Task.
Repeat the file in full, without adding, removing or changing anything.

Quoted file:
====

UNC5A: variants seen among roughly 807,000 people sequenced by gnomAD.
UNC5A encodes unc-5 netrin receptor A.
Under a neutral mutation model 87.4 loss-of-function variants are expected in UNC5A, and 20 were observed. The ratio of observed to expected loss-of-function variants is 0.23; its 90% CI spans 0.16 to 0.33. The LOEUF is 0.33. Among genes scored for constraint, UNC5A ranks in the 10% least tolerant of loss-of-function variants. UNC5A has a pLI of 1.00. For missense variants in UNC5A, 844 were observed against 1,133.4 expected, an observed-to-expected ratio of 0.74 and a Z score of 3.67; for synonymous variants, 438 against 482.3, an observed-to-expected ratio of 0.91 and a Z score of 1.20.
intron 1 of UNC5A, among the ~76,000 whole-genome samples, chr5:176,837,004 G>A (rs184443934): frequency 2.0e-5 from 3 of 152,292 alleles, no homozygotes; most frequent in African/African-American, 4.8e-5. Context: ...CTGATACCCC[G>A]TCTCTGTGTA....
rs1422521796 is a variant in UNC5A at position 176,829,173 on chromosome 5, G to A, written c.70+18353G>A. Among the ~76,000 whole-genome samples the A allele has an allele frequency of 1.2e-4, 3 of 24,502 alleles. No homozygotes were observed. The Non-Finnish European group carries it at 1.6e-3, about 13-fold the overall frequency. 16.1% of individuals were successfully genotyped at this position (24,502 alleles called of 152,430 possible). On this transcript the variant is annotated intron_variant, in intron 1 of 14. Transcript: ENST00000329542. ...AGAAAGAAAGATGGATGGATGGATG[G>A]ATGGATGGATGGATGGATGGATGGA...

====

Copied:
UNC5A: variants seen among roughly 807,000 people sequenced by gnomAD.
UNC5A encodes unc-5 netrin receptor A.
Under a neutral mutation model 87.4 loss-of-function variants are expected in UNC5A, and 20 were observed. The ratio of observed to expected loss-of-function variants is 0.23; its 90% CI spans 0.16 to 0.33. The LOEUF is 0.33. Among genes scored for constraint, UNC5A ranks in the 10% least tolerant of loss-of-function variants. UNC5A has a pLI of 1.00. For missense variants in UNC5A, 844 were observed against 1,133.4 expected, an observed-to-expected ratio of 0.74 and a Z score of 3.67; for synonymous variants, 438 against 482.3, an observed-to-expected ratio of 0.91 and a Z score of 1.20.
intron 1 of UNC5A, among the ~76,000 whole-genome samples, chr5:176,837,004 G>A (rs184443934): frequency 2.0e-5 from 3 of 152,292 alleles, no homozygotes; most frequent in African/African-American, 4.8e-5. Context: ...CTGATACCCC[G>A]TCTCTGTGTA....
rs1422521796 is a variant in UNC5A at position 176,829,173 on chromosome 5, G to A, written c.70+18353G>A. Among the ~76,000 whole-genome samples the A allele has an allele frequency of 1.2e-4, 3 of 24,502 alleles. No homozygotes were observed. The Non-Finnish European group carries it at 1.6e-3, about 13-fold the overall frequency. 16.1% of individuals were successfully genotyped at this position (24,502 alleles called of 152,430 possible). On this transcript the variant is annotated intron_variant, in intron 1 of 14. Transcript: ENST00000329542. ...AGAAAGAAAGATGGATGGATGGATG[G>A]ATGGATGGATGGATGGATGGATGGA...